There are two ways to increase income taxes. One is by raising the rate and the other is by reducing, eliminating or tinkering with the available exemptions and deductions. For instance, there is the labour sponsored venture capital funds which he has reduced. All those people who participated, their taxes just went up, thank you very much. He did a lot with the seniors benefit and seniors pensions. He has tinkered around and he has raised personal income taxes. Personal income tax revenue has gone up by over $6 billion and not all of it is just due to a growth in the economy. This points out as far as I can surmise by my analysis of these statements that the revenue of the government has increased, the spending of this government has stayed level at $158 billion to $161 billion and its spending cuts basically match its increases.

I submit to the hon. members opposite, please question me on this when I am done. Are we really solving the problem or are we just attacking a subset of the problem? It is a disease but if it grows then one will end up getting really sick and then will die. The real problem is the debt. The deficit is a subset of that. Yes, we have to eliminate the deficit but the Reform Party would do it sooner. We would get there quicker and we would offer some tax relief to the Canadian public a lot sooner than what these financial statements show.

As further proof and as my last comment on this topic, it is important for Canadians to understand that the debt as a percentage of GDP has gone up since we have been here. It has gone from 71 per cent to 74.2 per cent. It is going in the wrong direction. Our problem is increasing.

The Liberals, as wonderful as they think they are, as high as they are in the polls and who love to rub it in our faces, are not solving the problem. In the long run they are going to pay for it because they have had a window of opportunity to do something. We have been here advising them on how to do it. Even in the book Double Vision we are given credit and the finance minister gives us credit behind closed doors for encouraging and pushing because we are in tune with Canadians and we know what they want.

Just as with Canadian Airlines, the Reform Party knew that the tax fuels were too high. Our critic recommended a reduction. We knew that the flight attendants and the ticket agents wanted to vote in support of a pay cut, even though those who were making only $20,000 to $30,000 should not take a pay cut, but they were willing to because they loved their jobs. We said to let it go to a direct vote and they said no but we forced them to. Now who gets the credit? They do.

Whoever this Angus Reid is, and whatever poll is saying that the Liberals are in touch with the people, crap. They are in touch with us. They listen to us and they take our suggestions and then they take the credit, but that is okay. As long as it is good for all Canadians, I am very, very happy.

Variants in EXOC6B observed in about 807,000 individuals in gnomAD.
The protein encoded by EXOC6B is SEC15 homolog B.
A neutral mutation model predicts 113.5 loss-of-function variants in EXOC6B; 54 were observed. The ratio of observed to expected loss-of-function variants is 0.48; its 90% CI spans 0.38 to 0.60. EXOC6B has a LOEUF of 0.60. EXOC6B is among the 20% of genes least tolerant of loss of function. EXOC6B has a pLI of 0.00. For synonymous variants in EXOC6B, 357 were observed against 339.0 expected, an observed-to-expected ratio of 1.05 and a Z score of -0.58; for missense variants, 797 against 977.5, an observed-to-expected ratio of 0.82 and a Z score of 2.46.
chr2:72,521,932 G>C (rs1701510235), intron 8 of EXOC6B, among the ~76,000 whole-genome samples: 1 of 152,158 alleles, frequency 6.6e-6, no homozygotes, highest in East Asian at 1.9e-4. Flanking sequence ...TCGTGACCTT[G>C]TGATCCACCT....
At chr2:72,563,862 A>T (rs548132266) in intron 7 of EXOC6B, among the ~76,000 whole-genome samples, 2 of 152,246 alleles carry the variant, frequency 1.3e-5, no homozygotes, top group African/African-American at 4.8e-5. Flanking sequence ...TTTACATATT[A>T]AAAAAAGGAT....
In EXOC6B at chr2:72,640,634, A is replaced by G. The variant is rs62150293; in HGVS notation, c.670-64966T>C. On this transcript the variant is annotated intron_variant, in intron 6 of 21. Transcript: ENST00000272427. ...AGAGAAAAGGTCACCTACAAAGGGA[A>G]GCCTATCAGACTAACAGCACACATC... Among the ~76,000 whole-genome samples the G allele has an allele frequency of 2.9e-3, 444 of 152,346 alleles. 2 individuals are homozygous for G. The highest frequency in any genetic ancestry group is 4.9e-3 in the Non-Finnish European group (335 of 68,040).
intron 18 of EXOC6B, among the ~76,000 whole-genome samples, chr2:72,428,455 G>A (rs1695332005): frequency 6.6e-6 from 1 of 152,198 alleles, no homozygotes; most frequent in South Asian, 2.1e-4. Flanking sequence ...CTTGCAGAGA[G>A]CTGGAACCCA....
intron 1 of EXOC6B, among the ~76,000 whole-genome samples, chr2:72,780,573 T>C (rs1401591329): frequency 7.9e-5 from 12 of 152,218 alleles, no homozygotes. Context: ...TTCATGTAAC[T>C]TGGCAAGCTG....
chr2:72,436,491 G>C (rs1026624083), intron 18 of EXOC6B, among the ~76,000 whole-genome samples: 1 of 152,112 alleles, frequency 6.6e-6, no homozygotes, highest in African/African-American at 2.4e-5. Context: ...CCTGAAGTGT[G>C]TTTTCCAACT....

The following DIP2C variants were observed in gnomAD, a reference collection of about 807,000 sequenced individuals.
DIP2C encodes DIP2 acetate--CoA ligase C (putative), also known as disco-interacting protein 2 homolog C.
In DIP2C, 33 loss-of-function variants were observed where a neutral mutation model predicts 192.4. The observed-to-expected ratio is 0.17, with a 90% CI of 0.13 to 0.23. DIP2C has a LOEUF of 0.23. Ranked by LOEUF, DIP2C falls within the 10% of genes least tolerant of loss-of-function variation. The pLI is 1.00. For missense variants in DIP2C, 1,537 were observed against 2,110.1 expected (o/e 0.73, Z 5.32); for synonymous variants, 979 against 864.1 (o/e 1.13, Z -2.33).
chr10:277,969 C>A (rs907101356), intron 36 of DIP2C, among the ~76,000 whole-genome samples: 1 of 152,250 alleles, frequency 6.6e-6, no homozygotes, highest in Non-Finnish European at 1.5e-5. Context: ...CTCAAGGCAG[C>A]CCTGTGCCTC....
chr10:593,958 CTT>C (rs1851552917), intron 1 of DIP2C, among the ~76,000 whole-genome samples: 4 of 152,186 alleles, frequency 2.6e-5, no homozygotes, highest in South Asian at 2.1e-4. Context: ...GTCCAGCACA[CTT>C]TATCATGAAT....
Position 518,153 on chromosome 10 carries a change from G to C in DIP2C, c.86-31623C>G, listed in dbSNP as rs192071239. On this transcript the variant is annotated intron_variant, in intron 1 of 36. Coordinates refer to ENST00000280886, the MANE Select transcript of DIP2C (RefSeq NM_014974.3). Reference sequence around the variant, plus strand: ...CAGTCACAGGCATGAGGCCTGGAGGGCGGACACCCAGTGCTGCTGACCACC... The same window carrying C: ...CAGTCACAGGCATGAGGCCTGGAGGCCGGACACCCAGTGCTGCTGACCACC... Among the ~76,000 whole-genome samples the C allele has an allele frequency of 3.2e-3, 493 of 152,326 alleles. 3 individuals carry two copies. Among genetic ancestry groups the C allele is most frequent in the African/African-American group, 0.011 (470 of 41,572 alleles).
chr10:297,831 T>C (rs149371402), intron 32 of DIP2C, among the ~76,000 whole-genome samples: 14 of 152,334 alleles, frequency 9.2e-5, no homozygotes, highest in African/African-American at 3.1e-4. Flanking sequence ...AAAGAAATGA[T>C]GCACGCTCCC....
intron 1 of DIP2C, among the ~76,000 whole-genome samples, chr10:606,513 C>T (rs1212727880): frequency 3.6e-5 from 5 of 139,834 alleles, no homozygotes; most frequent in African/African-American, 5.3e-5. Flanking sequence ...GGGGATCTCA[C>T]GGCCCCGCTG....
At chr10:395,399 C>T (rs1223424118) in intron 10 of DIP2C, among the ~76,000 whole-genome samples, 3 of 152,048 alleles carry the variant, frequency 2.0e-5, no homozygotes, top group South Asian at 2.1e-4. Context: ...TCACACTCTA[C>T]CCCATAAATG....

I do not like the budget consultation process if there is not a consensus and they only listen to those they want to listen to. I accuse the chairman and his committee of selective hearing. In his speech this morning the chairman mentioned that he had heard evidence that in the United States the income taxes are 30 per cent lower than here and the unemployment rate is 5 per cent. Our taxes are 30 per cent higher and our unemployment rate is 10 per cent. Does that not tell us something? Lower taxes mean more jobs. Lower taxes mean lower unemployment. It should be obvious.

Then what did the chairman of the finance committee do? He went to great lengths and I think he spent more time than he wanted to in saying that in Canada our payroll taxes are lower than in the United States and it is proof that lower taxes do not necessarily work. I do not see the connection. It does not make any sense to me at all.

It is sad for me to see the government members and especially the frontbenchers take credit for the low interest rates and low inflation rate in Canada. How sad to try to take credit for something that the Liberals criticized when they were on this side of the House. I am not saying that they criticized lower interest rates, but they criticized the monetary policy of John Crow. I can find in Hansard what the Minister of Finance said. He said it was totally wrong. He said it was totally inappropriate. Now the Liberals are reaping the benefits of it and are trying to take credit for it by saying that the government is responsible for the low interest rates. Bull. Bull. It is sad to see someone try to take credit for somebody else's hard work and effort, especially when one is hypocritical and contradicts oneself.